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Hurricane Ian downgraded to tropical storm as it batters Central Florida: What's next

Hurricane Ian was downgraded to a tropical storm early Thursday morning. Central Florida was met with hours of torrential rain and powerful winds leading to downed trees, power outages, and flooded streets and homes.

Shortly before 5 a.m. Thursday, Ian's center was located about 40 miles southeast of Orlando and 35 miles southwest of Cape Canaveral.  The storm was clocking maximum sustained winds of 65 mph. Ian has slowed slightly in forward motion to 8 mph. 

Ian was expected to be a strong tropical storm when it crosses over the Orange-Brevard county line later this morning.

Hurricane Ian made landfall on the southwestern coast of Florida, near Cayo Costa, as a Category 4 storm on Wednesday.  At that time, maximum sustained winds were reported at 150 mph, according to the National Hurricane Center (for comparison, a Category 5 hurricane has sustained winds of at least 157 mph).

By the time Ian arrives in the Orlando metropolitan area around mid-Thursday morning, further weakening is expected. The path then carries the storm off the Florida coast near the Brevard-Volusia county line by late morning or early afternoon Thursday.

The storm is forecast to emerge over the western Atlantic by late Thursday.  Ian is forecast to turn northward on Friday and approach the northeastern Florida coast, Georgia, and South Carolina coasts late Friday.

Tropical-storm force winds began arriving in Central Florida early Wednesday afternoon. Hurricane-force wind gusts are possible in the morning hours for Orlando despite the weakening.  

"Gusts could surpass 70 mph in Orlando and 100 mph as close as Polk County. Volusia County could see 75-plus mph gusts after 6 a.m. on Thursday while Brevard County could see 55-plus mph gusts after 7 a.m." said FOX 35 Meteorologist Ian Cassette. 

Ian was expected to cause life-threatening storm surges, catastrophic winds, and flooding throughout the Florida peninsula. Photos and videos from southern Florida have shown flooded roadways and neighborhoods. Thousands of people are already without power and that now extends into Central Florida. 

Ahead of the storm, several airports – Orlando International Airport, Sanford Orlando International Airport, Tampa International Airport – stopped commercial flights and closed. Theme parks, including Walt Disney World, SeaWorld Orlando, Universal Orlando Resort, and LEGOLAND Florida, have closed.

Saffir-Simpson Hurricane Wind Scale


A Hurricane Warning remains in effect for East Central Florida. Additionally, a Flash Flood Warning is in effect for much of the FOX 35 viewing area.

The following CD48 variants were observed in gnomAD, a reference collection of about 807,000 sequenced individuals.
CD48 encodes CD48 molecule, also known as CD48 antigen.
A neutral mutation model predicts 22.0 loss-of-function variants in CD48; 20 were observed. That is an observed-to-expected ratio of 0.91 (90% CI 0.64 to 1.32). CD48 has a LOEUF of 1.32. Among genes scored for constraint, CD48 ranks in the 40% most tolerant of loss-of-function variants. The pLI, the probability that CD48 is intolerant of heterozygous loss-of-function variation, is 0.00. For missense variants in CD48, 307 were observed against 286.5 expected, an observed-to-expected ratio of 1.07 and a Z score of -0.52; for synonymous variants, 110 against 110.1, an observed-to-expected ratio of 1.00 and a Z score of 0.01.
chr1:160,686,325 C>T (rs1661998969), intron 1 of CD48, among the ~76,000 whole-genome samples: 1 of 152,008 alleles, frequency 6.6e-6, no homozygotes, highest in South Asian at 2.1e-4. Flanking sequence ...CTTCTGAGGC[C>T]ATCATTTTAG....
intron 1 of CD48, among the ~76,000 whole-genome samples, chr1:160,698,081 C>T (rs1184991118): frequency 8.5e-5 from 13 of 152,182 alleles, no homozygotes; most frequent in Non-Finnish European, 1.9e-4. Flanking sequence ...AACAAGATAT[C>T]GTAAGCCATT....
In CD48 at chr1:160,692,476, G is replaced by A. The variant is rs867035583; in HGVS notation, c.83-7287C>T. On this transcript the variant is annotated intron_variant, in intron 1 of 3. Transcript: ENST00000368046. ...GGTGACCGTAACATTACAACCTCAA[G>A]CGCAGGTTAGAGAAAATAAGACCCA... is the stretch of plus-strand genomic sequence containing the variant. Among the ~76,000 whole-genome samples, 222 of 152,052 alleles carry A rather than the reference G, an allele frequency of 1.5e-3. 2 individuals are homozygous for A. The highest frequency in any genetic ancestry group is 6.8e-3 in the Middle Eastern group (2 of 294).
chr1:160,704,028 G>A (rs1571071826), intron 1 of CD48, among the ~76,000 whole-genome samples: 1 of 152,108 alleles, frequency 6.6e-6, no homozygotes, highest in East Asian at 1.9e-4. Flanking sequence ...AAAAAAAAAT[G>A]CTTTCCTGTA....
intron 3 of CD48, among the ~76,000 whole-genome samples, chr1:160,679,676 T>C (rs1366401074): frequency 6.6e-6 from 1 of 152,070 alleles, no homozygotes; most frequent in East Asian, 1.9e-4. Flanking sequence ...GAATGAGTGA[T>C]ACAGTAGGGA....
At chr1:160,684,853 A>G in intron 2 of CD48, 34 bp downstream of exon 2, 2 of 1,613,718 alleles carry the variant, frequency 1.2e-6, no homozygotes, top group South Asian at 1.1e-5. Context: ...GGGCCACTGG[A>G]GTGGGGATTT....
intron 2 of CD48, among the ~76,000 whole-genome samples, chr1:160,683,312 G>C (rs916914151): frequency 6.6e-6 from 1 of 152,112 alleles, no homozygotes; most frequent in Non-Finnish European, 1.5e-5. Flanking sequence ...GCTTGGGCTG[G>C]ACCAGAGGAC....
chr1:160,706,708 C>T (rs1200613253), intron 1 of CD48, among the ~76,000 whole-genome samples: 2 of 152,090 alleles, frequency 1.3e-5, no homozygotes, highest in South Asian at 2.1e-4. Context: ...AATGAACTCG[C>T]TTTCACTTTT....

The storm is expected to move toward the Orlando metro area. The path has shifted slightly to the east and south from earlier in the day Tuesday, but significant flooding will continue to be a major risk for Central Florida before, during, and after Ian passes through the region.

Heavy rain and flooding could ultimately Hurricane Ian's legacy. "The combination of a slow-moving tropical system along with a nearby stationary front will combine to bring Central Florida extreme rainfall totals," said Cassette. "Roads will become impassable, especially by Thursday afternoon."


A Storm Surge Warning:

  • Flagler/Volusia Line to the mouth of the South Santee River
  • St. Johns River

A Tropical Storm Warning

  • North of Bonita Beach to Indian Pass Florida
  • Jupiter Inlet Florida to Cape Lookout North Carolina
  • Lake Okeechobee

A Storm Surge Watch

  • North of South Santee River to Little River Inlet

A Hurricane Watch

  • Flagler/Volusia County Line to the South Santee River


Hurricane Ian made landfall at 3:05 p.m. on Wednesday off the southwestern coast of Florida, near Cayo Costa, as an "extremely dangerous" Category 4 hurricane.  It had maximum winds of 150 mph, making it the fourth most powerful hurricane to hit the state.


LIVE BLOG: Hurricane Ian updates, track, weather forecast, and school closings

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Hurricane Ian: Timeline for storm's impact in Central Florida counties

Harsh impacts are expected in Central Florida and the flood risk will sharply rise. The roughest weather looks to be through late Thursday morning. Conditions should ease up Thursday evening into Friday morning. Power outages can also last for days on end in some areas.

The FOX 35 Storm Team will continue to keep you informed as new developments happen with Hurricane Ian. 


Ian is expected to produce the following storm total rainfall: Florida Keys and South Florida: 6 to 8 inches, with local maxima up to 12 inches. Central and Northeast Florida: 12 to 18 inches, with a local maximum amount of up to 24 inches.

"Mind-blowing really!" said FOX 35 Storm Team Chief Meteorologist Jayme King. "Flash flooding is a huge threat."

Stay with FOX 35 for the latest on Hurricane Ian as we track the storm. 


Tropical Depression Eleven is moving toward the north near 9 mph and a general north to north-northwest motion is forecast over the next several days until the system dissipates. Maximum sustained winds are near 35 mph with higher gusts.

Some slight strengthening is possible today, and the depression could become a short-lived tropical storm. If it does, it would be named Julia. However, weakening is expected by the end of this week, with the system dissipating by Saturday.